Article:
• While that is true it doesn’t stop the pain and sorrow of losing my son/daughter.
  • I know that, but they have to be patient and give me time to grieve, they are probably grieving too, (if old enough to understand the situation.)
  • And my son/daughter is one of my children, I miss him/her every day.
  • Yes, they are not interchangeable. I still have all my children.
  • Yes, but he/she should be here, too.
  • I am thankful for all of my children but my heart aches for the one no longer with me as well.
  • Yes, I do, but there is an empty space at our table every night where my son/daughter should be and an empty spot in my heart.
  • So what if I have other children, they needed their siblings as much as I do.
  • Yes, I do, but my missing child was just as special and should be here with me now.
  • I’ve had other children. They are a blessing, but they do not replace the one that died. There is always an empty place in our family.
  • Since we have no other children, yet, no one has said this to me. Closest was “There will be other babies”, which my cousin said to me at the foot of Michael’s opened grave at his service.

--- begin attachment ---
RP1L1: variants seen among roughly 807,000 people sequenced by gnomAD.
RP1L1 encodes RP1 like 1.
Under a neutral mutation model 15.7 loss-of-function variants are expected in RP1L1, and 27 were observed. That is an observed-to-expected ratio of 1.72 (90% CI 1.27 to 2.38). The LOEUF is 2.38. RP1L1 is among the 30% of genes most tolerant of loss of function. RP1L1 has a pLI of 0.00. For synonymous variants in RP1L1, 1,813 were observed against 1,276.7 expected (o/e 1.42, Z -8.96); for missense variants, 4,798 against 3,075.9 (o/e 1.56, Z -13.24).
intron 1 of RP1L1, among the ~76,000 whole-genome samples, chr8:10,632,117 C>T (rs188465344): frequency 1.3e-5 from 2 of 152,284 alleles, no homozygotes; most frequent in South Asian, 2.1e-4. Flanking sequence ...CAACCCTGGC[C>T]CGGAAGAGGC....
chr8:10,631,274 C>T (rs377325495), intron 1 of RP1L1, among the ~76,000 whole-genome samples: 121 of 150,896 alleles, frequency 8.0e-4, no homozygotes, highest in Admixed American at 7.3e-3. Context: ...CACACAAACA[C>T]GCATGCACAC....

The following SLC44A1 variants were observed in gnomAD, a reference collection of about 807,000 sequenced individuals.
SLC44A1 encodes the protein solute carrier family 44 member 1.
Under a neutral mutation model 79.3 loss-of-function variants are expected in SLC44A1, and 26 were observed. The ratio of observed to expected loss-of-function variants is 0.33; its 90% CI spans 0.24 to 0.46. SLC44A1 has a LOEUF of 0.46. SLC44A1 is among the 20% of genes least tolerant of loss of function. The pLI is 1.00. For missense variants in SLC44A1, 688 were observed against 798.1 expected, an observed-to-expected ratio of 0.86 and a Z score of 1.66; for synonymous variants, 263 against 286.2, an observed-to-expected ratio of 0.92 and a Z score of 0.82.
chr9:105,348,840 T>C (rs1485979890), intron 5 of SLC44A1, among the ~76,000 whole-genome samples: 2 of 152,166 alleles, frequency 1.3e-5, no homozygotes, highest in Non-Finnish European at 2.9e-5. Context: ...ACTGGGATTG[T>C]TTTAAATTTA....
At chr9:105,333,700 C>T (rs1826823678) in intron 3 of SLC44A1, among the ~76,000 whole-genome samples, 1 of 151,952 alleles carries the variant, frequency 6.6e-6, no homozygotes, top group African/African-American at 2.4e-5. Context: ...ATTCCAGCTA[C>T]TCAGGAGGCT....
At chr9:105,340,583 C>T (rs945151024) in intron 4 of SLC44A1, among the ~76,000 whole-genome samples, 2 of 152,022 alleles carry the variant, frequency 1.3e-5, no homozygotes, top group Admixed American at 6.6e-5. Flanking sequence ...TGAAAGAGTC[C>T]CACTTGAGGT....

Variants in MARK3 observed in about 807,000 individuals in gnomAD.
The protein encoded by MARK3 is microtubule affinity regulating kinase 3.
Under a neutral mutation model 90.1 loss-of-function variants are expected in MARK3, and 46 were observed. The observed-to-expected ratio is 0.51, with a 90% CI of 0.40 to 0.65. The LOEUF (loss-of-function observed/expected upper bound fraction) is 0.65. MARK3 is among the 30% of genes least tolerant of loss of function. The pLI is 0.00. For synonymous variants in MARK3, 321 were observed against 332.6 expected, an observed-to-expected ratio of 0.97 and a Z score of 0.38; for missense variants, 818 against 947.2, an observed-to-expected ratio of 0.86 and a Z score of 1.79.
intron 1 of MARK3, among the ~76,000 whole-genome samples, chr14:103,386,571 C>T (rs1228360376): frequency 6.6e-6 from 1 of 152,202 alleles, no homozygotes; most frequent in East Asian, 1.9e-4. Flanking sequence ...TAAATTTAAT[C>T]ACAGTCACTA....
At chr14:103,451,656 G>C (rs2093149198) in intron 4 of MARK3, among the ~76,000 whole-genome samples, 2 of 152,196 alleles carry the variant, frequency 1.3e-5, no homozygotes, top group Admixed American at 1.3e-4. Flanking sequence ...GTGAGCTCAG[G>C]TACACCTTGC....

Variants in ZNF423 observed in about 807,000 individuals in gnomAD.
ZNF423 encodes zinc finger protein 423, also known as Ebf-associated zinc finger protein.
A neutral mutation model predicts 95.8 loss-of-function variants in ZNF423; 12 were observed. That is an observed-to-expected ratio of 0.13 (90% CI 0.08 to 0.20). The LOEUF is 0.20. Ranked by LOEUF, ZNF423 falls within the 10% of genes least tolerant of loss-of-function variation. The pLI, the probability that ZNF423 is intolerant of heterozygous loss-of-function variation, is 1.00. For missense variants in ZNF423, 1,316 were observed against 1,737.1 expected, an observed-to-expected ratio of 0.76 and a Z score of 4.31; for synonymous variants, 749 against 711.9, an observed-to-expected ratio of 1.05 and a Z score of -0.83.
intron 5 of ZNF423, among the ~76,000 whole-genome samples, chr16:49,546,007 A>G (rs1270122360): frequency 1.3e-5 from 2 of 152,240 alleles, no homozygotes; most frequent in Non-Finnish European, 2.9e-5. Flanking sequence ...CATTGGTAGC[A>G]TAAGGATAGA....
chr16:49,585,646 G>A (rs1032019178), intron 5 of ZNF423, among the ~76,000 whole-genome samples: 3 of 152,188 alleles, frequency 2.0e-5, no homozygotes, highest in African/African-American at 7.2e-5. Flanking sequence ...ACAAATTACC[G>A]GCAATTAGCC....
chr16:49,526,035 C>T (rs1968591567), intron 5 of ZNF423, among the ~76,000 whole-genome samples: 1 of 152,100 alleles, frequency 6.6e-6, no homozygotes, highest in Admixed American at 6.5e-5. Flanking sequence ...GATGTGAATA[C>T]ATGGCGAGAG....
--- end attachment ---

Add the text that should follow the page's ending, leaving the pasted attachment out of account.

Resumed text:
• Yes, but another child doesn’t take the place of the one you lost. They each have their special places in your heart.

He/She is in a better place.

  • Yes he/she is and it does help knowing that he/she is, but I want him/her here with me.
  • Yes, the Christian in me knows that but the mother in me wants to hold her son/daughter here.
  • I am sorry but I think the best place he could be is here with his family.
  • There is a better place, but the best place is in my arms.
  • Do you really think I don’t know that?
  • My child is in Heaven, but I’m a Mother and I feel that no place is better than here with me.
  • Who’s to say he is!?! He should be here with us where he belongs.
  • No, they would be better off in my arms. Not in some cold dark, deep grave!
  • How do I know that for sure? Have you lost a child? Do you know if he/she is better off not with you?
  • Yes, I believe in heaven, but it doesn’t ease the emptiness of the here and now.
  • There is no better place for a child then with its mother.
  • Yes they are, I have no doubts. But I would rather they be here with me.